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Veripacks 0.1 – Verify Package Specifications

· Java Zone

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Using some free time during my Christmas & New Year break, I worked on a new project, which implements some of the ideas from my earlier blog “Let’s turn packages into a module system”.

The project is Veripacks; it allows to specify which classes from a package should be accessible, and verify that the specification is met.

This is similar to package-private access in Java, however Veripacks extends this to subpackages, respecting package parent-child dependencies. While usually the package is just a string identifier, Veripacks treats packages in a hierarchical way. For example, foo.bar.baz is a subpackage of foo.bar. That means that exporting a class not only hides other classes from the same package, but also classes from subpackages.

In some cases, Veripacks can be used to replace a separate build module. It aims to be a scalable and composable solution, allowing for multi-layered exports, that is specifying access both for small pieces of code and large functionalities.

Veripacks currently defines two annotations:

  • @Export – applicable to a class, specifies that the annotated class should be visible to other packages. Classes without the annotation but in the same package, and all classes in subpackages won’t be visible. Several classes in one package can be exported.
  • @ExportAll – applicable to a package (in package-info.java), specifies that all classes and subpackages should be exported. Has only documentational significance, as this is the default for all packages if no classes are explicitly exported.

Using a bit of an imaginary syntax to make things compact:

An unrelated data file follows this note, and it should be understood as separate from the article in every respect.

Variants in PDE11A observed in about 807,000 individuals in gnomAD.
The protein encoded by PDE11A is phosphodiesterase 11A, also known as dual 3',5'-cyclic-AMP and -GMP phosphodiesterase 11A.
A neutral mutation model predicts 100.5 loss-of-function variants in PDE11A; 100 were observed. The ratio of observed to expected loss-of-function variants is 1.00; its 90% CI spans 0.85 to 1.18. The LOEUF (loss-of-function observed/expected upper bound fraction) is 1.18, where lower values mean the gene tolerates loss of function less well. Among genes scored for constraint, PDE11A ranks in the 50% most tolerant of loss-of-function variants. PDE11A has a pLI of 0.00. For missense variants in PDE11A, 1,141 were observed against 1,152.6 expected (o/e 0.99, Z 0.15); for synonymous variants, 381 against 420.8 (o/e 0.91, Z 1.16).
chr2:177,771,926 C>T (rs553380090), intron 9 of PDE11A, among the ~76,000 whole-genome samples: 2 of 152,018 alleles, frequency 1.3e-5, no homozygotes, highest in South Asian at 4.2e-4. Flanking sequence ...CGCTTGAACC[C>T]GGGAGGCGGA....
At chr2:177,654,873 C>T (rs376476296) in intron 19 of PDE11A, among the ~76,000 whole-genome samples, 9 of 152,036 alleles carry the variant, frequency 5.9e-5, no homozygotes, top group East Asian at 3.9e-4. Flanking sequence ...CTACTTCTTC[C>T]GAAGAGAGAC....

package foo.bar.p1 {
   class A { ... }
   class B { ... }
package foo.bar.p1.sub_p1 {
   class C { ... }
package foo.bar.p2 {
   class Test {
      // ok, A is exported
      new A()
      // illegal, B is not exported
      new B()
      // illegal, C is in a subpackage of p1, and p1 only exports A
      new C()
How to use it?

Veripacks can be used with any language running on the JVM; while written in Scala, it will work without problems in Java-only projects.

No build plugins or such are needed; just create a new test, with the following body:

public void runVeripacksTest() {
  new Verifier()

This will throw an exception if there are some specification violations. You can also inspect the result of the verify call, which contains more detailed information (also included in the exception message).

The project files are deployed to SoftwareMill’s public Nexus repository:

<!-- Only the annotations -->
<!-- The verifier, has a dependency on the annotations -->
    <name>SotwareMill Public Releases</name>
    <name>SotwareMill Public Snapshots</name>
What’s next?

Of course this is just the beginning. Many more functionalities could be added:

  • allow exporting none/some/all subpackages, along with exporting none/some/all classes
  • add support for importing:
    • specify that a package can only be used if explicitly imported using a @RequiresImport annotation
    • support an @Import annotation to specify classes from which packages can be used in a package
  • allow to specify which classes/subpackages are exported in a separate file

The last two points will allow to constrain usage of external libraries. For example, if using Hibernate, we could specify that only classes from the org.hibernate package should be accessible, while classes from org.hibernate.internal – not. Furthermore, by specifying that Hibernate needs to be explicitly imported, we could verify that only packages that contain a @Import("org.hibernate") can access the Hibernate classes.

This is similar to creating a separate build-module and adding the Hibernate dependency to it only.

The code is available on GitHub; feel free to use, fork & extend. Also as always waiting for any comments.


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Published at DZone with permission of Adam Warski , DZone MVB .

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